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Publication numberUS4333396 A
Publication typeGrant
Application numberUS 06/137,515
Publication dateJun 8, 1982
Filing dateApr 4, 1980
Priority dateApr 4, 1980
Publication number06137515, 137515, US 4333396 A, US 4333396A, US-A-4333396, US4333396 A, US4333396A
InventorsRussell D. Longnecker
Original AssigneeLongnecker Russell D
Export CitationBiBTeX, EndNote, RefMan
External Links: USPTO, USPTO Assignment, Espacenet
Two-stage can crusher
US 4333396 A
Abstract
An apparatus is disclosed for a two-stage crushing of empty cans along their longitudinal axes to collapse them to minimum bulk. The apparatus has a stanchion fixed to a base and long and short lever arms pivotally mounted on the stanchion. A pivotal linkage interconnects the long lever arm with the short lever arm. First and second crush heads are pivotally mounted between the base and the long and short lever arms with a pantograph type linkage to control the attitude of the crush heads.
In the first stage of crushing, the can is placed between the first of the crush heads and the base, and the long lever arm is moved toward the base to partially crush the can axially. In the second stage, the partially collapsed can is placed between the base and the second crush head. The long lever arm is moved toward the base thereby moving the short lever arm toward the base and the can is thereby completely axially crushed.
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Claims(14)
I claim:
1. A device for crushing a can along its longitudianl axis comprising:
means forming a horizontal base;
an upright stanchion mounted upon said base;
a long lever arm crossing said stanchion and being pivotally connected thereto;
a short lever arm crossing said stanchion and pivotally connected to said stanchion between said long lever arm and said base means;
a first crush head pivotally connected to said long lever arm and cooperating with said base upon rotation of said long lever arm toward said base to axially crush a cylindrical container placed between said crush head and said base;
a second crush head pivotally connected to said short lever arm and cooperating with said base upon rotation of said short lever arm toward said base to axially crush a cylindrical container placed between said crush head and said base;
a first link pivotally connected endwise between said first crush head and said stanchion;
a second link endwise pivotally connected between said second crush head and said stanchion; and
linkage means interconnecting said long lever arm and short lever arm whereby rotation of said long lever arm about its pivotal mounting on said stanchion induces corresponding rotational movement of said short lever arm.
2. A device for crushing a can along its longitudinal axis comprising:
means forming a horizontal base;
an upright stanchion mounted upon said base;
a long lever arm pivotally connected to said stanchion,
a short lever arm pivotally connected to said stanchion between said long lever arm and said base means;
a first crush head pivotally connected to said long lever arm and cooperating with said base upon rotation of said long lever arm toward said base to axially crush a cylindrical container placed between said crush head and said base;
a second crush head pivotally connected to said short lever arm and cooperating with said base upon rotation of said short lever arm toward said base to axially crush a cylindrical container placed between said crush head and said base;
a first link pivotally connected endwise between said first crush head and said stanchion;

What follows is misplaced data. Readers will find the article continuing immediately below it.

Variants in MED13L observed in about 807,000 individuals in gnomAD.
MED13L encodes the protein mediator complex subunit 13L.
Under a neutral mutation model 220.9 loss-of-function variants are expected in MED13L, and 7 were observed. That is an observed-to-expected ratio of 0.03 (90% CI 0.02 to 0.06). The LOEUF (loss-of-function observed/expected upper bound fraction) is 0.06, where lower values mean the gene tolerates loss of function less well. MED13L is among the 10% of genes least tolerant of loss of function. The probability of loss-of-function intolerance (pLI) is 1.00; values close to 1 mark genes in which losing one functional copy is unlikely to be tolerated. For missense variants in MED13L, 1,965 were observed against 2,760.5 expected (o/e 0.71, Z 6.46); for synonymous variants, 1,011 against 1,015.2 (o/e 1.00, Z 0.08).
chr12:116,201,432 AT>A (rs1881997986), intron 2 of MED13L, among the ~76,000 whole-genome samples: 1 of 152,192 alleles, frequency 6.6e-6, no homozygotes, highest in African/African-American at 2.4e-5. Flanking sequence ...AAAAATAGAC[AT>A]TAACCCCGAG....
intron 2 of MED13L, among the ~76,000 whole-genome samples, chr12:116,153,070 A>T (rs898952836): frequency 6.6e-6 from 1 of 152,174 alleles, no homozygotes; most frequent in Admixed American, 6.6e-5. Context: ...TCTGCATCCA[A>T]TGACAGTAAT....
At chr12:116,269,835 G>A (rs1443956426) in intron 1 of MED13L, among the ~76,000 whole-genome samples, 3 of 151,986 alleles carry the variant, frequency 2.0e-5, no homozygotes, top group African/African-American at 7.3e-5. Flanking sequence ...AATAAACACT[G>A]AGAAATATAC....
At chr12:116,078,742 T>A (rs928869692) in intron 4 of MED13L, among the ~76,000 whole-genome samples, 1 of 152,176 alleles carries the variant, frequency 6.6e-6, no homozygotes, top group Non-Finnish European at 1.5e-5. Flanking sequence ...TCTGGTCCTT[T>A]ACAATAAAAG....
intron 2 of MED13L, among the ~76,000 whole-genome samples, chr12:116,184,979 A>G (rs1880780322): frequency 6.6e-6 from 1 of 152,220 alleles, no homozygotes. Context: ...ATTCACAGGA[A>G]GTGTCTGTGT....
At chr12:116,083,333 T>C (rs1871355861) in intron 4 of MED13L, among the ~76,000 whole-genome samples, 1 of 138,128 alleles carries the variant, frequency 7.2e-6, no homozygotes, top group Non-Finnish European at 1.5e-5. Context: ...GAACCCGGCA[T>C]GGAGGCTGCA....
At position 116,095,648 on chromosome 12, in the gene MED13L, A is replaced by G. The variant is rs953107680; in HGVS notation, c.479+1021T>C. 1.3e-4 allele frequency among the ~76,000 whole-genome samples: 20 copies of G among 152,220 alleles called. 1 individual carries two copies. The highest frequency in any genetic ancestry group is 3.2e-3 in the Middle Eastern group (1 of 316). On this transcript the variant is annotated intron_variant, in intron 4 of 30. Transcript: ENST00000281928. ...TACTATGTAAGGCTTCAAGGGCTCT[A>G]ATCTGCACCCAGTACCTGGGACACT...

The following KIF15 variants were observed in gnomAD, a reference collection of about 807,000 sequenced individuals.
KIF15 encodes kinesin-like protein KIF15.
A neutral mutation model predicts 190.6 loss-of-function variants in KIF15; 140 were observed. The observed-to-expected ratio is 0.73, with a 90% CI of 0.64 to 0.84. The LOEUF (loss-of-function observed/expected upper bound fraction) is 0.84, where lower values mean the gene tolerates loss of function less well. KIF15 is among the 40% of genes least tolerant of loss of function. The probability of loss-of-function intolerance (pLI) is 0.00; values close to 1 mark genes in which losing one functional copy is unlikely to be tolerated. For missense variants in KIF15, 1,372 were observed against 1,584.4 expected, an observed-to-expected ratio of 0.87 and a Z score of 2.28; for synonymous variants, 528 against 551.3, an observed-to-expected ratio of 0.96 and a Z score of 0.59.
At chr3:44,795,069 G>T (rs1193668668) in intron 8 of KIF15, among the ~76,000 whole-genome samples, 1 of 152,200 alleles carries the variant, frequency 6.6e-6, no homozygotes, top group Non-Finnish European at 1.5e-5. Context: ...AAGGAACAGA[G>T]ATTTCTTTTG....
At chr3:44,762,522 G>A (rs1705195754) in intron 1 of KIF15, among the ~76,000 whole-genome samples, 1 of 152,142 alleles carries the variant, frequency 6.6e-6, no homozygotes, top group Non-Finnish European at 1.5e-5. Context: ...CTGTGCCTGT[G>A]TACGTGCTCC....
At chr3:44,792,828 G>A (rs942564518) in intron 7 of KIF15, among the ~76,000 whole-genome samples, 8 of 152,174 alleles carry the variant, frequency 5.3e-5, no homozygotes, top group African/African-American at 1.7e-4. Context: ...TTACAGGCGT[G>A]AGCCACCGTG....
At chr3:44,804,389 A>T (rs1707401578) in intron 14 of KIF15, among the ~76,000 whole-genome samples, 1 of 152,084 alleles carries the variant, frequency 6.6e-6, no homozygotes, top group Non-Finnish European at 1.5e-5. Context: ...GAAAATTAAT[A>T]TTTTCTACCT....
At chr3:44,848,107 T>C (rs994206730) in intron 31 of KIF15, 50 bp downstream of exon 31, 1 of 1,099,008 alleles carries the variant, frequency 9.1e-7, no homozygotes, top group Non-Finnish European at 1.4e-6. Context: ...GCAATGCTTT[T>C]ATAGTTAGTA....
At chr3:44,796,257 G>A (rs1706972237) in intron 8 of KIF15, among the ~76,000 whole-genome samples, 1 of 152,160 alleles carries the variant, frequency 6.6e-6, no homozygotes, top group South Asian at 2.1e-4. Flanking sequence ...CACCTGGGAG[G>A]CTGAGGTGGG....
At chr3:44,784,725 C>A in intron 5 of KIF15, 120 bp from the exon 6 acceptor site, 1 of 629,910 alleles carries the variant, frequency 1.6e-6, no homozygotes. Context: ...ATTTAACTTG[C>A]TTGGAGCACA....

a second link endwise pivotally connected between said second crush head and said stanchion;
linkage means interconnecting said long lever arm and said short lever arm whereby rotation of said long lever arm about its pivotal mounting on said stanchion induces corresponding rotational movement of said short lever arm.
3. The apparatus of claim 1 wherein said linkage means is positioned on said lever arms on the opposite side of said stanchion from said crush heads.
4. The apparatus of claims 1 or 2 wherein said linkage means is positioned on said lever arms on the same side of said stanchion with said crush heads.
5. The apparatus of claim 1 wherein said linkage means comprises an elbow joint pivotally connected endwise between said long lever arm and said base means on that side of said stanchion opposite said first and second crush heads, said elbow joint having an intermediate elbow pivot between said base means and said long lever arm, which elbow pivot is in turn pivotally connected by an elbow actuator arm to said short lever arm on the side of said stanchion opposite said first and second crush heads, whereby a can is placed between said first crush head and said base means and said long lever arm on the side opposite said elbow joint is moved toward said base means the can is partially axially crushed and when the can is thereafter placed between said second crush head and said base means and said long lever arm is once again moved toward the base said elbow joint moves away from said base means causing the pivotally connected elbow actuator arm to move away from said base means thereby causing said short lever arm to move toward the said base means on the crush head side, completing the axial crushing of the can.
6. The apparatus of claims 1 or 2 wherein said stanchion is mounted on said base at an angle.
7. The apparatus of claims 1 or 2 wherein said first crush head has a protrusion thereon which engages the top of the can providing a zone of stress concentration on the can to initiate crushing.
8. The apparatus of claims 1 or 2 wherein said first crush head and said second crush head are maintained in positions substantially parallel to said base means through the pivotal motion of said first link and said second link, respectively.
9. The device of claims 1 or 2 wherein said crush heads traverse an arcuate path when pivoted toward said base means.
10. The apparatus of claims 1 or 2 wherein said long and said short lever arms are interconnected so that they traverse equal angular displacements upon pivotal movement.
11. The device of claims 1 or 2 further comprising a spring linked to said base means and said short lever arm and biased to move said first and second crush heads away from said base.
12. The device of claims 1 or 2 further comprising a hydraulic actuating means providing the force needed to move said long lever arm.